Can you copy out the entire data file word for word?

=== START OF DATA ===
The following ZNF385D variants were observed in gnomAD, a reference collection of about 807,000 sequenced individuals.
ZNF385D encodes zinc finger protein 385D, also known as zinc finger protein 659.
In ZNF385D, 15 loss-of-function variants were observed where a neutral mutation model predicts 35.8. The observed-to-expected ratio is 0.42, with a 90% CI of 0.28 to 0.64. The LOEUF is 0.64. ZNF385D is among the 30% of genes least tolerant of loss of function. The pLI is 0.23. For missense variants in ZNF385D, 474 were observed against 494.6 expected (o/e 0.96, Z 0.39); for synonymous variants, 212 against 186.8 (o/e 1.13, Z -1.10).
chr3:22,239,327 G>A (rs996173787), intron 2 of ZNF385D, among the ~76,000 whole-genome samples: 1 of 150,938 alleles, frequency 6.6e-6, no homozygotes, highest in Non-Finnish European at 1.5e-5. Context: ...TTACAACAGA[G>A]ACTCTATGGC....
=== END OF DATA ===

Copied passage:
The following ZNF385D variants were observed in gnomAD, a reference collection of about 807,000 sequenced individuals.
ZNF385D encodes zinc finger protein 385D, also known as zinc finger protein 659.
In ZNF385D, 15 loss-of-function variants were observed where a neutral mutation model predicts 35.8. The observed-to-expected ratio is 0.42, with a 90% CI of 0.28 to 0.64. The LOEUF is 0.64. ZNF385D is among the 30% of genes least tolerant of loss of function. The pLI is 0.23. For missense variants in ZNF385D, 474 were observed against 494.6 expected (o/e 0.96, Z 0.39); for synonymous variants, 212 against 186.8 (o/e 1.13, Z -1.10).
chr3:22,239,327 G>A (rs996173787), intron 2 of ZNF385D, among the ~76,000 whole-genome samples: 1 of 150,938 alleles, frequency 6.6e-6, no homozygotes, highest in Non-Finnish European at 1.5e-5. Context: ...TTACAACAGA[G>A]ACTCTATGGC....